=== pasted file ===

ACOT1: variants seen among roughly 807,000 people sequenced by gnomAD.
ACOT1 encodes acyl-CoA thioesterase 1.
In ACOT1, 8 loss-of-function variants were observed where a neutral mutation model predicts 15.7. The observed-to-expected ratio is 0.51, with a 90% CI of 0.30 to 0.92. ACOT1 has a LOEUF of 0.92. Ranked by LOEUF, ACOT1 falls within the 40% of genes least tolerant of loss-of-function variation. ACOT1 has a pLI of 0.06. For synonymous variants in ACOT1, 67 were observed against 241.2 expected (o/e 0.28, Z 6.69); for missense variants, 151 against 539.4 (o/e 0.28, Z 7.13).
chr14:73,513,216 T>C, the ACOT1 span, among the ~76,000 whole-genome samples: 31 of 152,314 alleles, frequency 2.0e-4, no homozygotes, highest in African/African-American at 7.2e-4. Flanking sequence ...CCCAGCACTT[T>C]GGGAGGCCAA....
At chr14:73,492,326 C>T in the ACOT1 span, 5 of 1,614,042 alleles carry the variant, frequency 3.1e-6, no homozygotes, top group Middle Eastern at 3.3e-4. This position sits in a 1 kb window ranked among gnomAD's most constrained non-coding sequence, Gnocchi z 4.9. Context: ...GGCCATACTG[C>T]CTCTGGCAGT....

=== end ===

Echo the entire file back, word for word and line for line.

ACOT1: variants seen among roughly 807,000 people sequenced by gnomAD.
ACOT1 encodes acyl-CoA thioesterase 1.
In ACOT1, 8 loss-of-function variants were observed where a neutral mutation model predicts 15.7. The observed-to-expected ratio is 0.51, with a 90% CI of 0.30 to 0.92. ACOT1 has a LOEUF of 0.92. Ranked by LOEUF, ACOT1 falls within the 40% of genes least tolerant of loss-of-function variation. ACOT1 has a pLI of 0.06. For synonymous variants in ACOT1, 67 were observed against 241.2 expected (o/e 0.28, Z 6.69); for missense variants, 151 against 539.4 (o/e 0.28, Z 7.13).
chr14:73,513,216 T>C, the ACOT1 span, among the ~76,000 whole-genome samples: 31 of 152,314 alleles, frequency 2.0e-4, no homozygotes, highest in African/African-American at 7.2e-4. Flanking sequence ...CCCAGCACTT[T>C]GGGAGGCCAA....
At chr14:73,492,326 C>T in the ACOT1 span, 5 of 1,614,042 alleles carry the variant, frequency 3.1e-6, no homozygotes, top group Middle Eastern at 3.3e-4. This position sits in a 1 kb window ranked among gnomAD's most constrained non-coding sequence, Gnocchi z 4.9. Context: ...GGCCATACTG[C>T]CTCTGGCAGT....